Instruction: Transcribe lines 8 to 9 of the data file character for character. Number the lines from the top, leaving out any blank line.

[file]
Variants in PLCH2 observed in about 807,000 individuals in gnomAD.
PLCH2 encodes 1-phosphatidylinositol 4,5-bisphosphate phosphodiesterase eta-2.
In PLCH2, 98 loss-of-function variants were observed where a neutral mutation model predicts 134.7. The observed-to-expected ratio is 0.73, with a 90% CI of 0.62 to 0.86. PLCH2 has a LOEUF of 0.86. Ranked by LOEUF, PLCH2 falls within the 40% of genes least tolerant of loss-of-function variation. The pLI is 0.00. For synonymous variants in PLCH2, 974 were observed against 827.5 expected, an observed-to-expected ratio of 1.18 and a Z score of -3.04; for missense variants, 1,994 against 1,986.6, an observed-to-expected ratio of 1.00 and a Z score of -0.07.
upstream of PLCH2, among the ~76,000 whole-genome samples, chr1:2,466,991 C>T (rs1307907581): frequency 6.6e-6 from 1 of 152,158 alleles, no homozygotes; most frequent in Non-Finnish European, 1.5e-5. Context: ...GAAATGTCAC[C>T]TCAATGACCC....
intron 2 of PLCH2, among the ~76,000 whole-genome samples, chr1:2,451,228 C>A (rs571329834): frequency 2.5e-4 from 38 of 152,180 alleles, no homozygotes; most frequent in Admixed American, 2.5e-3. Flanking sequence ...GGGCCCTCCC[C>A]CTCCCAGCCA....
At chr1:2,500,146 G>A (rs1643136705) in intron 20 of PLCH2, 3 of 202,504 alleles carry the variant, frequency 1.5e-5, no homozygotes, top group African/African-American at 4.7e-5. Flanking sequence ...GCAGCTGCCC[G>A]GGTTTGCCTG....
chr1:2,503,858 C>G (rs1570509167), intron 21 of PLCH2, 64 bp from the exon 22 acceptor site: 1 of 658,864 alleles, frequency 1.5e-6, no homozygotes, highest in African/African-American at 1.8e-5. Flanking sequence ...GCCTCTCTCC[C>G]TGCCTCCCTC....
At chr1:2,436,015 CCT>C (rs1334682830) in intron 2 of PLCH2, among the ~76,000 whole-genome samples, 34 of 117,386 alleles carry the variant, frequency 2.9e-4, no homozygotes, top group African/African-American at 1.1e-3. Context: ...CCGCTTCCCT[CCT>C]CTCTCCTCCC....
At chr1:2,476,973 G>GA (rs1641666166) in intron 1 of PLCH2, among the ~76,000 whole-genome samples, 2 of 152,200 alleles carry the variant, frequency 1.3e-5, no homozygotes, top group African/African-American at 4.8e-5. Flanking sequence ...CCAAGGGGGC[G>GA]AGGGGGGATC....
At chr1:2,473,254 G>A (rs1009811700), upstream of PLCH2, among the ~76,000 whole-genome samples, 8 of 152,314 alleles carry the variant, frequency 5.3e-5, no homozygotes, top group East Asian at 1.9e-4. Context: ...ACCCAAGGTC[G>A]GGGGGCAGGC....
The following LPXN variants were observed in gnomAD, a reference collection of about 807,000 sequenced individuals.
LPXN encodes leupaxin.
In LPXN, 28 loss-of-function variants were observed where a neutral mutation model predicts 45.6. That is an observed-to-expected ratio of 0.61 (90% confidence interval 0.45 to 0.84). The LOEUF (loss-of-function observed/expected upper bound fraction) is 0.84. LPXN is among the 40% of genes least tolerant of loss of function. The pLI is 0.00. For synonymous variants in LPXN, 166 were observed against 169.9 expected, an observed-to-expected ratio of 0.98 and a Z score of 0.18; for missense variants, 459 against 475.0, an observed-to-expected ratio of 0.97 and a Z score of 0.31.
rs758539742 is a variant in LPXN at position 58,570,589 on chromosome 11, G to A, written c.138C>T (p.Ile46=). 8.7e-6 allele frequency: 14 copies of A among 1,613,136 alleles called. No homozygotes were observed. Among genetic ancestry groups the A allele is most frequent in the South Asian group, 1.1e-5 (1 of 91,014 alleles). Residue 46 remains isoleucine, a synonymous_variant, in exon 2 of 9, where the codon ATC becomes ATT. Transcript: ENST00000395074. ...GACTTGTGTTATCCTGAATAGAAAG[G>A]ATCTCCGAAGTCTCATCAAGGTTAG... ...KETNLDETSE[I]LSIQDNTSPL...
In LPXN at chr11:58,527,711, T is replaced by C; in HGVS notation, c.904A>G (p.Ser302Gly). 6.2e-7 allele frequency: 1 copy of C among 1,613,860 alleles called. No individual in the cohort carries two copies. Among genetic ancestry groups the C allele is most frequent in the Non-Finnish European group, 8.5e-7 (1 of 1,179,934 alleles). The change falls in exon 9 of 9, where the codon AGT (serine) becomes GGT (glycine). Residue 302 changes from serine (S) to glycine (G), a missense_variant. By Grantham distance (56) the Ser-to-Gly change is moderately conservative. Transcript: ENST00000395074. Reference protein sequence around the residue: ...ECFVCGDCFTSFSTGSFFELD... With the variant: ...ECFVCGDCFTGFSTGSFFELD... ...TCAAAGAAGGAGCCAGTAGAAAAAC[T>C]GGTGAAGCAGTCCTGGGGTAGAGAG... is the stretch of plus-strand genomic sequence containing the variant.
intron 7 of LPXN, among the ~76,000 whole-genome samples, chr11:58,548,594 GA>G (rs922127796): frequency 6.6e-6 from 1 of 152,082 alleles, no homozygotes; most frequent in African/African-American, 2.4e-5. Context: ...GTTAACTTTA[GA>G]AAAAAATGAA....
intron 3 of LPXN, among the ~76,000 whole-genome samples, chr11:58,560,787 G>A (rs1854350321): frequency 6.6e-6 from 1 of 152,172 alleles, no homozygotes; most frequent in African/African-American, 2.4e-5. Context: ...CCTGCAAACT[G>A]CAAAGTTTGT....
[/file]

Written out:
At chr1:2,436,015 CCT>C (rs1334682830) in intron 2 of PLCH2, among the ~76,000 whole-genome samples, 34 of 117,386 alleles carry the variant, frequency 2.9e-4, no homozygotes, top group African/African-American at 1.1e-3. Context: ...CCGCTTCCCT[CCT>C]CTCTCCTCCC....
At chr1:2,476,973 G>GA (rs1641666166) in intron 1 of PLCH2, among the ~76,000 whole-genome samples, 2 of 152,200 alleles carry the variant, frequency 1.3e-5, no homozygotes, top group African/African-American at 4.8e-5. Flanking sequence ...CCAAGGGGGC[G>GA]AGGGGGGATC....